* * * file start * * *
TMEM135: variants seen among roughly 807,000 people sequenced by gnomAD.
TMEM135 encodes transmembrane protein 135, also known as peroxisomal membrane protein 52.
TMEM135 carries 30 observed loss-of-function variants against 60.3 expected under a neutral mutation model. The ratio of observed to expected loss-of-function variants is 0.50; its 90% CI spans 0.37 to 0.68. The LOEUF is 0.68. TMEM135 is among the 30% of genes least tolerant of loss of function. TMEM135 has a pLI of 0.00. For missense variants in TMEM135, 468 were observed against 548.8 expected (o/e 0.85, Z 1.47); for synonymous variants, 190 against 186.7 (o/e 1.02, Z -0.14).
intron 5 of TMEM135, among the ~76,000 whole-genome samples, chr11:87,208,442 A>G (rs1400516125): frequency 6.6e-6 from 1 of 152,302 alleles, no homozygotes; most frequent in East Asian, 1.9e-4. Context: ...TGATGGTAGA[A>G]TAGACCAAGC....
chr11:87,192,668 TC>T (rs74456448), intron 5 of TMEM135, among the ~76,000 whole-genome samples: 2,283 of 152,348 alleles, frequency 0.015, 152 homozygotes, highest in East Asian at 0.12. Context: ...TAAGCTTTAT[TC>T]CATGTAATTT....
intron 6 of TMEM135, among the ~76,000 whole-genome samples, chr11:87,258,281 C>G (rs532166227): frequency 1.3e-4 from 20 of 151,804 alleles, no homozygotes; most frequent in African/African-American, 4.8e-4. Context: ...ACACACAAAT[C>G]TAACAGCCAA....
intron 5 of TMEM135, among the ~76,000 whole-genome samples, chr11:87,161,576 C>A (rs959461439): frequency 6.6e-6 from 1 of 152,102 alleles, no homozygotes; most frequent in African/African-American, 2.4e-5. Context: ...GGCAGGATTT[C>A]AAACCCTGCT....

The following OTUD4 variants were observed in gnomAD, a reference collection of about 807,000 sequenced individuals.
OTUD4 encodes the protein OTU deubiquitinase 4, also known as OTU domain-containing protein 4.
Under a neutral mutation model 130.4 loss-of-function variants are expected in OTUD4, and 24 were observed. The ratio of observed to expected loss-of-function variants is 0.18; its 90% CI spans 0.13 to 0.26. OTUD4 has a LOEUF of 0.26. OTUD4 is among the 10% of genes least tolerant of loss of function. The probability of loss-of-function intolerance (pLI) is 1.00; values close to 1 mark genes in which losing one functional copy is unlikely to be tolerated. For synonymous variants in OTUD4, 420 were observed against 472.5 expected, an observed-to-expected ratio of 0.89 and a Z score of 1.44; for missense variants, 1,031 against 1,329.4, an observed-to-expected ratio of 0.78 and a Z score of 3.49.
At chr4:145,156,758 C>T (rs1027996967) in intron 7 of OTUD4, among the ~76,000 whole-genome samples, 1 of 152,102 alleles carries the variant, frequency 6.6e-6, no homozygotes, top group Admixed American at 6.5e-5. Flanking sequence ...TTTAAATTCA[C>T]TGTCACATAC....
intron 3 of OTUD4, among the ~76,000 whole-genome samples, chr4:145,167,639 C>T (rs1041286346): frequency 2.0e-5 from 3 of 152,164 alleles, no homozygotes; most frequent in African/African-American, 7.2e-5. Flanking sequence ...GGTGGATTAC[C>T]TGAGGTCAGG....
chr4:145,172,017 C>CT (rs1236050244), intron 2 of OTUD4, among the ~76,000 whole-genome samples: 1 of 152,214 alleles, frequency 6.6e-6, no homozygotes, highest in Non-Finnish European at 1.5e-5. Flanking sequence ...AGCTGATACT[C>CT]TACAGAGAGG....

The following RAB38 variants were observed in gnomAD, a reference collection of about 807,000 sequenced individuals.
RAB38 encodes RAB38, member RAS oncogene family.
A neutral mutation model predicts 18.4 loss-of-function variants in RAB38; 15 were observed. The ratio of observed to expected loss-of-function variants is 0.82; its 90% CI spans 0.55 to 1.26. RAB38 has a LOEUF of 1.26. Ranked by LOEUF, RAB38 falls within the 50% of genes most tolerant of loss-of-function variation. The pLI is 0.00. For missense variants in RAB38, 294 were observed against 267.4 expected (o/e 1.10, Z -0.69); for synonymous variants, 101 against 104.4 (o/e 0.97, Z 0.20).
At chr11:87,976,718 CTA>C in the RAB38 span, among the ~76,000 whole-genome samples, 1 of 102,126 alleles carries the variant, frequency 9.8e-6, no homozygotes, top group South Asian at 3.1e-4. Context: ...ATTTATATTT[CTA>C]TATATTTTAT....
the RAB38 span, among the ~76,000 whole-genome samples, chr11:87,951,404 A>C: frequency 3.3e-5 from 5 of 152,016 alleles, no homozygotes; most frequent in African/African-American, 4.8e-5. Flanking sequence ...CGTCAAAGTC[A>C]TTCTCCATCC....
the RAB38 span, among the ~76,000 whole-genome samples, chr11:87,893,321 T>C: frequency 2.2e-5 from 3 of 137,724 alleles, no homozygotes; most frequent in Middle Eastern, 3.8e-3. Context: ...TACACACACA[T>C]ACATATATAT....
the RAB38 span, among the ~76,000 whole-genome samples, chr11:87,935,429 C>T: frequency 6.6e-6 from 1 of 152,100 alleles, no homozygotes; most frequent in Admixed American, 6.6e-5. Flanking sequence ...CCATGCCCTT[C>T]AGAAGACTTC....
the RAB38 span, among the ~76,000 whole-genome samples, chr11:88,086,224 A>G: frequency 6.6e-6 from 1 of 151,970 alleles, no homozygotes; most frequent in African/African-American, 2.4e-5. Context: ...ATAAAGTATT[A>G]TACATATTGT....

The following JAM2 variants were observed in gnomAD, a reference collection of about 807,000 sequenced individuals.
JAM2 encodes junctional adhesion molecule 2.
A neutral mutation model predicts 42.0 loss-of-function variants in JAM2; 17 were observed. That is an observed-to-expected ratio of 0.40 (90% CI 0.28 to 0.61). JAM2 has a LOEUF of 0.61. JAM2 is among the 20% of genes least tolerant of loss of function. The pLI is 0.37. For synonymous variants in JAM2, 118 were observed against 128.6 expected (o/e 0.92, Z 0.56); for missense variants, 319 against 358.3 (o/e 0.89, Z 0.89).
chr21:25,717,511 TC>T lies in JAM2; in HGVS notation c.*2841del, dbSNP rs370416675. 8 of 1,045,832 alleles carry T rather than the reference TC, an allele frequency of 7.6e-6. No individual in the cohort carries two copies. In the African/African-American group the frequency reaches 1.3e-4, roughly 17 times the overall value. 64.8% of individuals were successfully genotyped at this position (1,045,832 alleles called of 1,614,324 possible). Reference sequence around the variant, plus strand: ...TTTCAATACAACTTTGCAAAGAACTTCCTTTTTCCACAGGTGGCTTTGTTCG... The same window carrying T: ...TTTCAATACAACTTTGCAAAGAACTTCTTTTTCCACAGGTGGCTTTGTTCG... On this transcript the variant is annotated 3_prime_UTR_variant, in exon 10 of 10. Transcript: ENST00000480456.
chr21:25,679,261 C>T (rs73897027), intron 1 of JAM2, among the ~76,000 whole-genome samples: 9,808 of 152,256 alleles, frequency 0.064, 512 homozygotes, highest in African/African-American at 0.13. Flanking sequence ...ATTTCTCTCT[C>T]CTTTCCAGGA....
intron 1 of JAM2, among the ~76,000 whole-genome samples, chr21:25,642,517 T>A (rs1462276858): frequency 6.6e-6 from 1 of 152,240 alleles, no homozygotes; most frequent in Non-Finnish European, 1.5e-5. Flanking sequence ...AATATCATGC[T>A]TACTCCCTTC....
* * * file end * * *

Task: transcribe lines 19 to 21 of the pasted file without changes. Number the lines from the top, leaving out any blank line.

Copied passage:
the RAB38 span, among the ~76,000 whole-genome samples, chr11:87,893,321 T>C: frequency 2.2e-5 from 3 of 137,724 alleles, no homozygotes; most frequent in Middle Eastern, 3.8e-3. Context: ...TACACACACA[T>C]ACATATATAT....
the RAB38 span, among the ~76,000 whole-genome samples, chr11:87,935,429 C>T: frequency 6.6e-6 from 1 of 152,100 alleles, no homozygotes; most frequent in Admixed American, 6.6e-5. Flanking sequence ...CCATGCCCTT[C>T]AGAAGACTTC....
the RAB38 span, among the ~76,000 whole-genome samples, chr11:88,086,224 A>G: frequency 6.6e-6 from 1 of 151,970 alleles, no homozygotes; most frequent in African/African-American, 2.4e-5. Context: ...ATAAAGTATT[A>G]TACATATTGT....